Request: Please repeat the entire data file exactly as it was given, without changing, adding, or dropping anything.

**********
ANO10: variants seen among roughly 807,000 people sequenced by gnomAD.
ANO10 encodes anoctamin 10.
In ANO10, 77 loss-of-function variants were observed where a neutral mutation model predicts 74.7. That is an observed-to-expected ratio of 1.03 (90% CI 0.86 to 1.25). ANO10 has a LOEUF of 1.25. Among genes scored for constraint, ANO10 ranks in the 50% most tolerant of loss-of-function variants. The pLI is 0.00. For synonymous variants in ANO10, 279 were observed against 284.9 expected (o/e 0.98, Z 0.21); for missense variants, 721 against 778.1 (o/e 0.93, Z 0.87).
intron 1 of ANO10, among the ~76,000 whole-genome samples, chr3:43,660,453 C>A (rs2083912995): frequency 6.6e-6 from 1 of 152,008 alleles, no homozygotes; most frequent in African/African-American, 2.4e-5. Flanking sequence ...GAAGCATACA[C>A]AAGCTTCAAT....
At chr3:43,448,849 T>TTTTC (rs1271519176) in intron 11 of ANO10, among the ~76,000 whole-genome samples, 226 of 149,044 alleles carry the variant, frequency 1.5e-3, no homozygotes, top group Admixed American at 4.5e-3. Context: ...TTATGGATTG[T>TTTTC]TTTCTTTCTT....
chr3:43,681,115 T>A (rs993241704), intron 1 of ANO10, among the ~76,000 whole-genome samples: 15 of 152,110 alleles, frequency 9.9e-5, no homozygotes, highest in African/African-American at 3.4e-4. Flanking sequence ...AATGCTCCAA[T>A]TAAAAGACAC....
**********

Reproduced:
ANO10: variants seen among roughly 807,000 people sequenced by gnomAD.
ANO10 encodes anoctamin 10.
In ANO10, 77 loss-of-function variants were observed where a neutral mutation model predicts 74.7. That is an observed-to-expected ratio of 1.03 (90% CI 0.86 to 1.25). ANO10 has a LOEUF of 1.25. Among genes scored for constraint, ANO10 ranks in the 50% most tolerant of loss-of-function variants. The pLI is 0.00. For synonymous variants in ANO10, 279 were observed against 284.9 expected (o/e 0.98, Z 0.21); for missense variants, 721 against 778.1 (o/e 0.93, Z 0.87).
intron 1 of ANO10, among the ~76,000 whole-genome samples, chr3:43,660,453 C>A (rs2083912995): frequency 6.6e-6 from 1 of 152,008 alleles, no homozygotes; most frequent in African/African-American, 2.4e-5. Flanking sequence ...GAAGCATACA[C>A]AAGCTTCAAT....
At chr3:43,448,849 T>TTTTC (rs1271519176) in intron 11 of ANO10, among the ~76,000 whole-genome samples, 226 of 149,044 alleles carry the variant, frequency 1.5e-3, no homozygotes, top group Admixed American at 4.5e-3. Context: ...TTATGGATTG[T>TTTTC]TTTCTTTCTT....
chr3:43,681,115 T>A (rs993241704), intron 1 of ANO10, among the ~76,000 whole-genome samples: 15 of 152,110 alleles, frequency 9.9e-5, no homozygotes, highest in African/African-American at 3.4e-4. Flanking sequence ...AATGCTCCAA[T>A]TAAAAGACAC....